I first met O'Malley, then named Stache, at the Green Lake Humane Society, in Wisconsin. I had
done some volunteer work there in the past, and had dropped by while on a shopping trip to
donate a few items for the pets awaiting homes. At no time did I have any intention of adopting
another pet, much less a large blind dog who had no training on how to be an indoor pet, as his
almost year year long life had been spent living outdoors.
Fate, however, saw a sucker in me and forced me into taking a sneak peek at the dogs up for
adoption. I frowned a little as I quickly realized all the dogs were being kept for the day in
the outside run, as it was a beautiful sunny day. I had almost turned back, deciding to nose
around the cat-room, when someone caught my eye. It was a white dog, with large brown spots,
that had pushed himself to the rear of his cage out of fear. His legs were spread far apart and
he shook, his head bobbing. I crouched down, trying to make myself look less intimidating, and
spoke to him in a gentle voice. He began barking at me, pushing his body further away from me,
and more into the corner of his kennel. Not wanting to scare him anymore than I obviously was,
I stood up to leave him be, when I glanced at his cage-card. The words jumped out at me as I
read the big bold letters, "I"M BLIND!" My heart sank as I looked back at him, knowing his
chances at finding a home were not going to be in his favor. Big dogs are hard enough to find
homes for, even with a dedicated staff like at this particular shelter, but a blind dog, I knew
he would probably not be so fortunate. I was never one to see an animal in a bad situation, and
not try to help it as best I could. The thought of this dog was going to bother me for a long
time to come.
I left the dog in peace, and went to get more information on him. The girl I spoke with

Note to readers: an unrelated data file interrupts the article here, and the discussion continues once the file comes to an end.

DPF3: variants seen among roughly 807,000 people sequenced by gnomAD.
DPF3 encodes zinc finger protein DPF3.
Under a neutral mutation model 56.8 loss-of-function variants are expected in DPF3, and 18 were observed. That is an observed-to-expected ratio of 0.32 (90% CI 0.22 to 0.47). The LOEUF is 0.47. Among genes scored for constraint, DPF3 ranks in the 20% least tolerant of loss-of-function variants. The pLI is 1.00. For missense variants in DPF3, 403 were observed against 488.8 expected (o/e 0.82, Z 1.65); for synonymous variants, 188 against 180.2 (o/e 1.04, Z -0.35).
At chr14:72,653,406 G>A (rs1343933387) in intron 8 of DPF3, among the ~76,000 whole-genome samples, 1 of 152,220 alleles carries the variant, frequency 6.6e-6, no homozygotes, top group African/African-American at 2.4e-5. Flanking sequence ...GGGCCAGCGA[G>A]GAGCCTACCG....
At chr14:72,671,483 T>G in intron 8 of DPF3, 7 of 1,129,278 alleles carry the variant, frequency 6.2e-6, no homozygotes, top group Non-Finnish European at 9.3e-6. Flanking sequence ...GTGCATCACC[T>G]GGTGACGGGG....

immediately began telling me his story, and she seemed anxious to stop any concerns I had about
possibly bringing him home with me. I grew more leery the more I heard. He was kept outside all
of his life. The three dogs I already had were indoor pets, and used to such a life. Keeping a
dog outside on a chain or in a pen never appealed to me. How could I sleep in a warm home when
my dog was outside shivering? I never bought into the fact a barn or doghouse was a warm enough
place for a dog to sleep. Besides, dogs are pack animals, they WANT to be close to you. I
wasn't sold on the fact this dog would know how to live inside a home. Also, he was an intact
male. I had a male, fixed, in my home already. Would they fight? And then there was the special
needs side to it all. I wasn't afraid of the extra work it would take caring for a dog that was
blind, and of course I could keep myself from rearranging furniture so he knew where things
were, but I was worried that I couldn't keep myself from feeling that pit in my stomach of pity
for him. Was he suffering? How could I watch him, everyday, knowing he was blind and missing
out on so much? Everytime he bonked into something at the shelter, a wall, a fence, my legs, I
felt this sadness. I just didn't know how to see it everyday.